Impacts of GMO labels on fresh produce demand


Wednesday, 06 November, 2019


Impacts of GMO labels on fresh produce demand

A study from Cornell University revealed that consumers were more willing to buy unlabelled produce after being shown food tagged as ‘genetically modified’. Cornell researchers recruited 1300 consumers who were shown GM, non-GM and unlabelled opportunities — in random sequences — to purchase apples, alongside other fruits and vegetables. The researched revealed that the initial consumer demand was 65.2% when presented with an unlabelled apple first. However, if the unlabelled apple was presented after participants saw an apple with a GM label, the demand for the unlabelled apple increased to 77.7%.

Consumers first presented with an apple labelled ‘non-genetically modified’ showed a 67.2% preference for it, statistically even with the shopper’s initial preference for an unlabelled apple. This indicates that the ‘non-GM’ label is not stigmatising the unlabelled product.

The research, titled ‘Signalling Impacts of GMO Labelling on Fruit and Vegetable Demand’, was published in the journal PLOS One. The study comes as food marketers in the US prepare for a new federal law requiring genetically modified organism disclosure labels on food products, from 1 January 2022.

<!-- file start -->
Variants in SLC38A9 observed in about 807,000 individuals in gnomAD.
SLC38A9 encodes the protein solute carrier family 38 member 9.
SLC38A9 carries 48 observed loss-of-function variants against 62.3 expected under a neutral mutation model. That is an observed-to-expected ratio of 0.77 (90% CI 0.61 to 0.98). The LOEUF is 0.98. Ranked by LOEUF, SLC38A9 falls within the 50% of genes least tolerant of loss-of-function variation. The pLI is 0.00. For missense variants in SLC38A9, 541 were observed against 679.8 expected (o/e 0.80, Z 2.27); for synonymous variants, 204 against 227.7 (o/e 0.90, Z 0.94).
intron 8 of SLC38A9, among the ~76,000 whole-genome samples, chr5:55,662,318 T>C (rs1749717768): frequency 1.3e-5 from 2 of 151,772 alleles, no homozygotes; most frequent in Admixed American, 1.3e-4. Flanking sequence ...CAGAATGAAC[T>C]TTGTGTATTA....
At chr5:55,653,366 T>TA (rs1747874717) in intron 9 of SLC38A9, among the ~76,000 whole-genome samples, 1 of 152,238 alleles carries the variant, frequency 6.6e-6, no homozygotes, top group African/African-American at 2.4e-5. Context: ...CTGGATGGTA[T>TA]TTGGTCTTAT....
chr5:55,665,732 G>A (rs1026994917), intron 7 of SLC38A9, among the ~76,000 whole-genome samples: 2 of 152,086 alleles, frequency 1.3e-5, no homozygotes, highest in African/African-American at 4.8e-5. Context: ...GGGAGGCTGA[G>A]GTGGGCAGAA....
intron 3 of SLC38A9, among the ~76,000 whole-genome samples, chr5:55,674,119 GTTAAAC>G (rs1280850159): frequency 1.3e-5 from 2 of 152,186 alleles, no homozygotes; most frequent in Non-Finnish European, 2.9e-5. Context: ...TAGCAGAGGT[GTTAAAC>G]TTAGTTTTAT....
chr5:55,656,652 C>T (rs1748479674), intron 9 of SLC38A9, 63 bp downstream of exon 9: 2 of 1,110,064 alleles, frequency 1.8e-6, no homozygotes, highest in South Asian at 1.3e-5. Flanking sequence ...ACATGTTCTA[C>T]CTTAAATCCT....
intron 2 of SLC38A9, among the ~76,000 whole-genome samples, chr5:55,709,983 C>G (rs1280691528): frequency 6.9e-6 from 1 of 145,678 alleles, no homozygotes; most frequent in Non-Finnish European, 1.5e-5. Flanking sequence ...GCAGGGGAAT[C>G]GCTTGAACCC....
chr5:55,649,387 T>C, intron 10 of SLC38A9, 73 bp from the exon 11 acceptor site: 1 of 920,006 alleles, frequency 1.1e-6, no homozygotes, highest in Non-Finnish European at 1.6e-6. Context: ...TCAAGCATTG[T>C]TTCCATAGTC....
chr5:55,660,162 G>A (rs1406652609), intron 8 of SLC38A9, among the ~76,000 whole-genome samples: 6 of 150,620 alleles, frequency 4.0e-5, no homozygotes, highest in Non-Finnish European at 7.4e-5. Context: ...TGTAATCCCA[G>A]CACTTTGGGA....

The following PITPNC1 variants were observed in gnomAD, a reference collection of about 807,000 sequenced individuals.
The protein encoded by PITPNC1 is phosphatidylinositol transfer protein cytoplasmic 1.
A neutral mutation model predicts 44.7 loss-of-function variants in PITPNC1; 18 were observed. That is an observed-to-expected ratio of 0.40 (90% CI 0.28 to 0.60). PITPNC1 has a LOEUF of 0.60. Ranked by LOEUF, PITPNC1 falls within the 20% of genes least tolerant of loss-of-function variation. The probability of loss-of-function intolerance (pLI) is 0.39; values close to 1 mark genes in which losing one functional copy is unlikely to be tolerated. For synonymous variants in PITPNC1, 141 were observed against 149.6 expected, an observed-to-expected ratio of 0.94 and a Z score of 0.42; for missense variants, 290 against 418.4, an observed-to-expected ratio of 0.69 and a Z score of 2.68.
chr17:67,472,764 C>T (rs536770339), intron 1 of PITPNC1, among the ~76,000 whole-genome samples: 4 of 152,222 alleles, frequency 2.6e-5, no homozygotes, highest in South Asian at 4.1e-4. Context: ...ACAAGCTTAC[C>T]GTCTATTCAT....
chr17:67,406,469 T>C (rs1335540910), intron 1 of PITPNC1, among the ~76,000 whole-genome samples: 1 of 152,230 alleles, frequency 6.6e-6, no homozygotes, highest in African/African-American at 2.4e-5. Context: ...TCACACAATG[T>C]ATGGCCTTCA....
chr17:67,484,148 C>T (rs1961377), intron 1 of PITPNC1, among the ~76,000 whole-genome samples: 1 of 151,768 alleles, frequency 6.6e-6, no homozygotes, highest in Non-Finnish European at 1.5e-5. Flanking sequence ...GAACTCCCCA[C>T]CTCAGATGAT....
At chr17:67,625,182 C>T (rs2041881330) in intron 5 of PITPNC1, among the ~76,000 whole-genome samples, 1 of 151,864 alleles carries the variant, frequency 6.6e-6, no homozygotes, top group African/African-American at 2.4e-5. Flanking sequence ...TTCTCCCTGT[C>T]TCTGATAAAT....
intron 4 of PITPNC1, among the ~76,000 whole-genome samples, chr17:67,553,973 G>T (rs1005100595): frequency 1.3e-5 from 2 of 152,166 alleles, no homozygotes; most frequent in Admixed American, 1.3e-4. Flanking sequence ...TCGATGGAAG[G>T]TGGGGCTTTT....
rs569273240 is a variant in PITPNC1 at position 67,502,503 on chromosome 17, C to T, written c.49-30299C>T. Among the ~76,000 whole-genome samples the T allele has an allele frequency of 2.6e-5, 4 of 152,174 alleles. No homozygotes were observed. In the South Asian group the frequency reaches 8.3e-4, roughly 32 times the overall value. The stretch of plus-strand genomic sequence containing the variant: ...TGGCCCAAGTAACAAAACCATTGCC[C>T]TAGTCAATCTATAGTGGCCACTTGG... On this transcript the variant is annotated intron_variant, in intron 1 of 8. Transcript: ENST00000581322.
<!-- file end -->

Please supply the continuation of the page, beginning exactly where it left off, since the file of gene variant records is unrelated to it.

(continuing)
“We wanted to learn from consumers what will happen to conventional products when the labelling goes into effect and we start seeing ‘GM’ and ‘non-GM’ labelled produce at the market. Will shoppers be willing to purchase a product when the new labels are introduced?” said co-author Miguel Gómez, associate professor at Cornell’s Charles H. Dyson School of Applied Economics and Management.

Consumer aversion towards genetically modified food has led to mandatory labelling proposals and laws at the state and federal levels in America. The U.S. Department of Agriculture will implement the National Bioengineered Food Disclosure Standard in 2022, requiring food marketers to disclose the use of GMOs in food and food products.

These findings contradict the experiences of dairy farmers in the mid-1990s, who used recombinant bovine somatotropin (rBST) — a growth hormone for cows — to increase milk production. Due to increasing consumer demand for milk free from rBST, dairies started labelling milk as rBST-free on cartons, inadvertently stigmatising regular milk as consumers assumed that it contained rBST.

The initial hypothesis posed by Cornell researchers was that having a non-GM label would have a stigmatising effect on the (unlabelled) fresh product. The results contradicted the hypothesis, as the GMO label had a halo effect on the unlabelled product.

Image credit: ©stock.adobe.com/au/lightpoet

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